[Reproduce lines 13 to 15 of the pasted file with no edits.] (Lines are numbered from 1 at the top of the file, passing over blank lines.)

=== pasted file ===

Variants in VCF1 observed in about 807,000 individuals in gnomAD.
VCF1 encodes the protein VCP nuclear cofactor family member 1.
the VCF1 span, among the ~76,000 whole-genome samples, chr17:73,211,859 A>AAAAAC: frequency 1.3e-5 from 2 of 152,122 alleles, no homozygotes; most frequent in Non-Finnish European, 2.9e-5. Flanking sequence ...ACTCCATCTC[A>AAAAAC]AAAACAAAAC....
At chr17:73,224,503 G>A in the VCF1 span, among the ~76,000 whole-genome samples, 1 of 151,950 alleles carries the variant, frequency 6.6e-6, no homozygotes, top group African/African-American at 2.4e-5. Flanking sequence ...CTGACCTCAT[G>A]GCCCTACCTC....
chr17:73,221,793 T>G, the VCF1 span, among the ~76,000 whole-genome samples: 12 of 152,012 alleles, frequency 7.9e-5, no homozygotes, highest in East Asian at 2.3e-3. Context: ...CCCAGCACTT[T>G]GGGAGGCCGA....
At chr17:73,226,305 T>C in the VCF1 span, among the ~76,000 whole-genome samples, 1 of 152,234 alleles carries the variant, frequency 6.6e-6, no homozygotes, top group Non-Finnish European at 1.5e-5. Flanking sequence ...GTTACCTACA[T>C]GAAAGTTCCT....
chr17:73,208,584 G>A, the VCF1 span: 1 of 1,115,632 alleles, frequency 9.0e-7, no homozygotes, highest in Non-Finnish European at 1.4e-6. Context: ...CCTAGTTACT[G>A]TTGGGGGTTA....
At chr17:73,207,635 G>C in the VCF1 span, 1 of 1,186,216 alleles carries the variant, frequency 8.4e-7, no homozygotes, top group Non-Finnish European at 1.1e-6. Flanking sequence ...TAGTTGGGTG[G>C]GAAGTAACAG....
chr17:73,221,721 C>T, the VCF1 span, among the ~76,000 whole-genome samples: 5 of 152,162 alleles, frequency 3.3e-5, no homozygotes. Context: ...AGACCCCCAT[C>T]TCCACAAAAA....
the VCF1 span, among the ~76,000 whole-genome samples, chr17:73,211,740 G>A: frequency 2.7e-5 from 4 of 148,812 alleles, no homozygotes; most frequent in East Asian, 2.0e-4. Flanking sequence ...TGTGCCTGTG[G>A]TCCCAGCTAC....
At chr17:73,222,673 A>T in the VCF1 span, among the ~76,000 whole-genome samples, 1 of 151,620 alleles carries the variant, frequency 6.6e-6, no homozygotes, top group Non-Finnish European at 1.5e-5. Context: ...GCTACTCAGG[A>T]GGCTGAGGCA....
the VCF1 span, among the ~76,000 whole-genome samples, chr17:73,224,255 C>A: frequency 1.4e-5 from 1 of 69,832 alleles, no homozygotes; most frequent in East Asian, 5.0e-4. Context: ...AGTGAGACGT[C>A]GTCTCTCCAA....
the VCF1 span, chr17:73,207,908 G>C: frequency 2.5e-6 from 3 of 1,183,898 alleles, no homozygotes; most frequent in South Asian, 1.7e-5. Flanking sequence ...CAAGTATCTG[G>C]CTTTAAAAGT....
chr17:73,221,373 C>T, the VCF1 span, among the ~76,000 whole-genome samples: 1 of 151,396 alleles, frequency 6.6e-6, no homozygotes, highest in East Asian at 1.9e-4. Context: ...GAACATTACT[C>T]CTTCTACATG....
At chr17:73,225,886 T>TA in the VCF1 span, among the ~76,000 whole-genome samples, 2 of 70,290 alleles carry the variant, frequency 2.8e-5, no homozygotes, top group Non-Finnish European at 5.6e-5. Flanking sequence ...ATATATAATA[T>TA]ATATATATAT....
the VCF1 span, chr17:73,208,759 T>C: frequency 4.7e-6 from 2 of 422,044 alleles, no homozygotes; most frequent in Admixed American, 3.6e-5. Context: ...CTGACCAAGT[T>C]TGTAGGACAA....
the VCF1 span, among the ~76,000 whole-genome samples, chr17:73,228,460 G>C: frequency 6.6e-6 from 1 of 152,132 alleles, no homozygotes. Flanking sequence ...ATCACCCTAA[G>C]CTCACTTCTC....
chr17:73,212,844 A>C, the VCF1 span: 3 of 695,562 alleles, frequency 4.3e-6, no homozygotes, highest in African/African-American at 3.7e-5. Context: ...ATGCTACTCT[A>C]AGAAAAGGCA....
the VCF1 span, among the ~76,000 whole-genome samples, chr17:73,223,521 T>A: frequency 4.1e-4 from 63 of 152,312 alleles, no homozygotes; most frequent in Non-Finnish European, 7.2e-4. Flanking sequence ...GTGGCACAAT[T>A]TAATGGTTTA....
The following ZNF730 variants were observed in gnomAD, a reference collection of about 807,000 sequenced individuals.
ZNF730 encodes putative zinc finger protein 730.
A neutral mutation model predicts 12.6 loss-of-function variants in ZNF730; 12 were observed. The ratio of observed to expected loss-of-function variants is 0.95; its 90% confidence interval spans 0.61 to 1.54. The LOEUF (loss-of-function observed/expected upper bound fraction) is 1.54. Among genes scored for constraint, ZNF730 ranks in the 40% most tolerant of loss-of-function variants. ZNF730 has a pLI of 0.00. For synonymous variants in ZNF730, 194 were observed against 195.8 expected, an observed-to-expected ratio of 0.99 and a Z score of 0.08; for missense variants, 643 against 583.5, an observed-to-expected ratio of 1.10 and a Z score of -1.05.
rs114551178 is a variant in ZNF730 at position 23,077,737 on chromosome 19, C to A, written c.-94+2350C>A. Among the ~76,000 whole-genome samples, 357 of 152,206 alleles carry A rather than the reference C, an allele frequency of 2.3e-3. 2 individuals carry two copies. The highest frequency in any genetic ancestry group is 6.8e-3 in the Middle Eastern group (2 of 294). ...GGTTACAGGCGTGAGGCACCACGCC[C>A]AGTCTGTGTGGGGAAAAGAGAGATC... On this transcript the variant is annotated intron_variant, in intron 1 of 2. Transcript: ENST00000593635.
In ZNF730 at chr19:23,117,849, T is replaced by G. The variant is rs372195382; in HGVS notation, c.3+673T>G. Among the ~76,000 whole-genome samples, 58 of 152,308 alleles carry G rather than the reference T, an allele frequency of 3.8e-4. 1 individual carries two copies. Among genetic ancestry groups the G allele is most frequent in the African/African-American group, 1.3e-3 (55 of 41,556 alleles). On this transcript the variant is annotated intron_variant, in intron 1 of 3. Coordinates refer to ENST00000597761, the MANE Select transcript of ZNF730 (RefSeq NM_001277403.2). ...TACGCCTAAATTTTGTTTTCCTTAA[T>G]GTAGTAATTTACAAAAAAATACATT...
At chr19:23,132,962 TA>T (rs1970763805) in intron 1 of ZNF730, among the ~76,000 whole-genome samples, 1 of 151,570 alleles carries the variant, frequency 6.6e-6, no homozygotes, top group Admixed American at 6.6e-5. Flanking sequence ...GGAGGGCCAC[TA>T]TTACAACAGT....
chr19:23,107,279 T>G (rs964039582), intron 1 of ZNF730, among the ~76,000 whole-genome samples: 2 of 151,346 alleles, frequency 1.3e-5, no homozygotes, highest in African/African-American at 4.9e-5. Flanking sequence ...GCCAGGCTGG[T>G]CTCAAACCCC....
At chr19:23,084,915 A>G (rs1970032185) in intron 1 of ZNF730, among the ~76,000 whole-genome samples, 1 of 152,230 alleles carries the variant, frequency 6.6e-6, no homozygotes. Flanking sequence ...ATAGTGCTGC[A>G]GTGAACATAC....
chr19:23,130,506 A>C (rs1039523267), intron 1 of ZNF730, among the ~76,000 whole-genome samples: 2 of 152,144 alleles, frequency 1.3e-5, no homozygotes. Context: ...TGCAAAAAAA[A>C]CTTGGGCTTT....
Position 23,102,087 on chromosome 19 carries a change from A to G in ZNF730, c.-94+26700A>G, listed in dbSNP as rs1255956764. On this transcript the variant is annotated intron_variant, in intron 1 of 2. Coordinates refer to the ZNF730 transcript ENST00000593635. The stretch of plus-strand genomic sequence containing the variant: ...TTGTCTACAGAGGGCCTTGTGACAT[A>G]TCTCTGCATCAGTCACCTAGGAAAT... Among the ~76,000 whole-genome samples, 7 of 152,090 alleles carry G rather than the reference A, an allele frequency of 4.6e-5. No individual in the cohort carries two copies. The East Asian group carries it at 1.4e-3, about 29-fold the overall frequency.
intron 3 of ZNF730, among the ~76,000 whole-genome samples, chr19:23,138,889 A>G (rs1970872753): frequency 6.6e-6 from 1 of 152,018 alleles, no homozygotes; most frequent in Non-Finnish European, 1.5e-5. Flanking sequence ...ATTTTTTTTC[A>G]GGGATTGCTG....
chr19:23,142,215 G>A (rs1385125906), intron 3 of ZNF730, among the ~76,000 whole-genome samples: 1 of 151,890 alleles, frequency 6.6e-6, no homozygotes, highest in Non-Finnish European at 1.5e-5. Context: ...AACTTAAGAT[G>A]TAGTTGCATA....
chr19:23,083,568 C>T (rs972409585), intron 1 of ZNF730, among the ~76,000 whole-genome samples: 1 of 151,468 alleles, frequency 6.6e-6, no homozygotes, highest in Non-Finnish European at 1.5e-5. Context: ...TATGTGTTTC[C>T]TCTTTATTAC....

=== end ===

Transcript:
the VCF1 span, chr17:73,207,908 G>C: frequency 2.5e-6 from 3 of 1,183,898 alleles, no homozygotes; most frequent in South Asian, 1.7e-5. Flanking sequence ...CAAGTATCTG[G>C]CTTTAAAAGT....
chr17:73,221,373 C>T, the VCF1 span, among the ~76,000 whole-genome samples: 1 of 151,396 alleles, frequency 6.6e-6, no homozygotes, highest in East Asian at 1.9e-4. Context: ...GAACATTACT[C>T]CTTCTACATG....
At chr17:73,225,886 T>TA in the VCF1 span, among the ~76,000 whole-genome samples, 2 of 70,290 alleles carry the variant, frequency 2.8e-5, no homozygotes, top group Non-Finnish European at 5.6e-5. Flanking sequence ...ATATATAATA[T>TA]ATATATATAT....